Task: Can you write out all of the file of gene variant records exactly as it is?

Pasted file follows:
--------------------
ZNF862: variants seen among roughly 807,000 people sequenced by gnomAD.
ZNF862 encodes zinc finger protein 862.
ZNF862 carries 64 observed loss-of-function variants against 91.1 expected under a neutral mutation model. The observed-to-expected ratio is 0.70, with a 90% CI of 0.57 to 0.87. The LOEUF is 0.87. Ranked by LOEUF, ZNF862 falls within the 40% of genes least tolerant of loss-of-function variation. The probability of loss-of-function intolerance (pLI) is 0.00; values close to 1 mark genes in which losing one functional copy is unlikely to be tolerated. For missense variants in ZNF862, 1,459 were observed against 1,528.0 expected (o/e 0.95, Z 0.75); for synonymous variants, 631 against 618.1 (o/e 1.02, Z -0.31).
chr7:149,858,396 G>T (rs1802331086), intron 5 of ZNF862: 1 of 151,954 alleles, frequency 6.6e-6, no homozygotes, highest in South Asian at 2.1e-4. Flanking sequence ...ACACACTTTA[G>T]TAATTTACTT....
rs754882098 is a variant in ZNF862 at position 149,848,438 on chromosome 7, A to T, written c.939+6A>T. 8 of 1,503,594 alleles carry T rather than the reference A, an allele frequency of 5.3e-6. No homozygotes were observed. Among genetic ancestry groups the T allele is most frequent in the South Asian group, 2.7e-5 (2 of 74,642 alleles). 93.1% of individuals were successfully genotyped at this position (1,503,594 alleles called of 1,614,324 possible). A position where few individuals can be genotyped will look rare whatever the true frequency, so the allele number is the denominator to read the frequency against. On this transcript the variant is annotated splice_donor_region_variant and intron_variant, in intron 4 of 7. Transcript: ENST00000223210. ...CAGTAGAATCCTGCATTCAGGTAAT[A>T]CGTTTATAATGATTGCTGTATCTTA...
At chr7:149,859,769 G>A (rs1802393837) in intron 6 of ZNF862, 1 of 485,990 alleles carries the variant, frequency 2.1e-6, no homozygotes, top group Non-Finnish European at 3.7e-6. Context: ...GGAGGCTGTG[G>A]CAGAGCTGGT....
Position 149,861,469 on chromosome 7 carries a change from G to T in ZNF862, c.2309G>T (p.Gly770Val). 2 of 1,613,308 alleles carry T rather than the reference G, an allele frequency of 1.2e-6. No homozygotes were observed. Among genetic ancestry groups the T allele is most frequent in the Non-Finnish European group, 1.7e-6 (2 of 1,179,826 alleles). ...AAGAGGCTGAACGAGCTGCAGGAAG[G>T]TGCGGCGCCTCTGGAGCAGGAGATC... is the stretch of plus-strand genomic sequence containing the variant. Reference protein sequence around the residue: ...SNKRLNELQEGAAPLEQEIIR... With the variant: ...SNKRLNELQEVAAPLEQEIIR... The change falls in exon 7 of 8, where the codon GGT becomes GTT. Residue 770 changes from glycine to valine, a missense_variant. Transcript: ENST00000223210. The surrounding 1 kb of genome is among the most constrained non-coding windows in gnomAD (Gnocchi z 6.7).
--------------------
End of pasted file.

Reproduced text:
ZNF862: variants seen among roughly 807,000 people sequenced by gnomAD.
ZNF862 encodes zinc finger protein 862.
ZNF862 carries 64 observed loss-of-function variants against 91.1 expected under a neutral mutation model. The observed-to-expected ratio is 0.70, with a 90% CI of 0.57 to 0.87. The LOEUF is 0.87. Ranked by LOEUF, ZNF862 falls within the 40% of genes least tolerant of loss-of-function variation. The probability of loss-of-function intolerance (pLI) is 0.00; values close to 1 mark genes in which losing one functional copy is unlikely to be tolerated. For missense variants in ZNF862, 1,459 were observed against 1,528.0 expected (o/e 0.95, Z 0.75); for synonymous variants, 631 against 618.1 (o/e 1.02, Z -0.31).
chr7:149,858,396 G>T (rs1802331086), intron 5 of ZNF862: 1 of 151,954 alleles, frequency 6.6e-6, no homozygotes, highest in South Asian at 2.1e-4. Flanking sequence ...ACACACTTTA[G>T]TAATTTACTT....
rs754882098 is a variant in ZNF862 at position 149,848,438 on chromosome 7, A to T, written c.939+6A>T. 8 of 1,503,594 alleles carry T rather than the reference A, an allele frequency of 5.3e-6. No homozygotes were observed. Among genetic ancestry groups the T allele is most frequent in the South Asian group, 2.7e-5 (2 of 74,642 alleles). 93.1% of individuals were successfully genotyped at this position (1,503,594 alleles called of 1,614,324 possible). A position where few individuals can be genotyped will look rare whatever the true frequency, so the allele number is the denominator to read the frequency against. On this transcript the variant is annotated splice_donor_region_variant and intron_variant, in intron 4 of 7. Transcript: ENST00000223210. ...CAGTAGAATCCTGCATTCAGGTAAT[A>T]CGTTTATAATGATTGCTGTATCTTA...
At chr7:149,859,769 G>A (rs1802393837) in intron 6 of ZNF862, 1 of 485,990 alleles carries the variant, frequency 2.1e-6, no homozygotes, top group Non-Finnish European at 3.7e-6. Context: ...GGAGGCTGTG[G>A]CAGAGCTGGT....
Position 149,861,469 on chromosome 7 carries a change from G to T in ZNF862, c.2309G>T (p.Gly770Val). 2 of 1,613,308 alleles carry T rather than the reference G, an allele frequency of 1.2e-6. No homozygotes were observed. Among genetic ancestry groups the T allele is most frequent in the Non-Finnish European group, 1.7e-6 (2 of 1,179,826 alleles). ...AAGAGGCTGAACGAGCTGCAGGAAG[G>T]TGCGGCGCCTCTGGAGCAGGAGATC... is the stretch of plus-strand genomic sequence containing the variant. Reference protein sequence around the residue: ...SNKRLNELQEGAAPLEQEIIR... With the variant: ...SNKRLNELQEVAAPLEQEIIR... The change falls in exon 7 of 8, where the codon GGT becomes GTT. Residue 770 changes from glycine to valine, a missense_variant. Transcript: ENST00000223210. The surrounding 1 kb of genome is among the most constrained non-coding windows in gnomAD (Gnocchi z 6.7).